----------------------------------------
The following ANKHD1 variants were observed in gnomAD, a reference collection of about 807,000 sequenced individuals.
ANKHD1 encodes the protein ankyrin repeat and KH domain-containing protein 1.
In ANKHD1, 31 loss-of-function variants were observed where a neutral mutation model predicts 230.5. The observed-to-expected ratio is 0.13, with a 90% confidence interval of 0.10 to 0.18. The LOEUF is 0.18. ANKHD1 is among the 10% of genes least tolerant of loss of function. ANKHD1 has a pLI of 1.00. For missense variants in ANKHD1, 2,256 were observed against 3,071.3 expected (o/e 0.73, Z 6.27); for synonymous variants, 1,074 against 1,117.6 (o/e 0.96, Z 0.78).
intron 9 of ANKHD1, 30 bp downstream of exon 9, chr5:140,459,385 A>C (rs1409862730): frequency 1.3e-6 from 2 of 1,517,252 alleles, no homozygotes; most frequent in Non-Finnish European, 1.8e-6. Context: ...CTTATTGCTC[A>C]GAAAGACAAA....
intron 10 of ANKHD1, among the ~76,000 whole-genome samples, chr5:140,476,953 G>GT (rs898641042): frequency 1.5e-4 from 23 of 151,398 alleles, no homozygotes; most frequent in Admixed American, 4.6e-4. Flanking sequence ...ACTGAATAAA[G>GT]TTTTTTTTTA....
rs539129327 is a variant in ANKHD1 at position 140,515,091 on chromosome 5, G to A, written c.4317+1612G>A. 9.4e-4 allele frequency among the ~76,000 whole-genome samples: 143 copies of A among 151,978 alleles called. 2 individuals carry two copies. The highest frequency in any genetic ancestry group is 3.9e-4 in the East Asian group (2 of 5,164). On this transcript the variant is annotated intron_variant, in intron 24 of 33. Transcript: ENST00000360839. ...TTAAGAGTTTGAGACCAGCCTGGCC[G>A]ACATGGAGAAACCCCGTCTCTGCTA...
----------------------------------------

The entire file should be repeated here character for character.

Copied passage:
The following ANKHD1 variants were observed in gnomAD, a reference collection of about 807,000 sequenced individuals.
ANKHD1 encodes the protein ankyrin repeat and KH domain-containing protein 1.
In ANKHD1, 31 loss-of-function variants were observed where a neutral mutation model predicts 230.5. The observed-to-expected ratio is 0.13, with a 90% confidence interval of 0.10 to 0.18. The LOEUF is 0.18. ANKHD1 is among the 10% of genes least tolerant of loss of function. ANKHD1 has a pLI of 1.00. For missense variants in ANKHD1, 2,256 were observed against 3,071.3 expected (o/e 0.73, Z 6.27); for synonymous variants, 1,074 against 1,117.6 (o/e 0.96, Z 0.78).
intron 9 of ANKHD1, 30 bp downstream of exon 9, chr5:140,459,385 A>C (rs1409862730): frequency 1.3e-6 from 2 of 1,517,252 alleles, no homozygotes; most frequent in Non-Finnish European, 1.8e-6. Context: ...CTTATTGCTC[A>C]GAAAGACAAA....
intron 10 of ANKHD1, among the ~76,000 whole-genome samples, chr5:140,476,953 G>GT (rs898641042): frequency 1.5e-4 from 23 of 151,398 alleles, no homozygotes; most frequent in Admixed American, 4.6e-4. Flanking sequence ...ACTGAATAAA[G>GT]TTTTTTTTTA....
rs539129327 is a variant in ANKHD1 at position 140,515,091 on chromosome 5, G to A, written c.4317+1612G>A. 9.4e-4 allele frequency among the ~76,000 whole-genome samples: 143 copies of A among 151,978 alleles called. 2 individuals carry two copies. The highest frequency in any genetic ancestry group is 3.9e-4 in the East Asian group (2 of 5,164). On this transcript the variant is annotated intron_variant, in intron 24 of 33. Transcript: ENST00000360839. ...TTAAGAGTTTGAGACCAGCCTGGCC[G>A]ACATGGAGAAACCCCGTCTCTGCTA...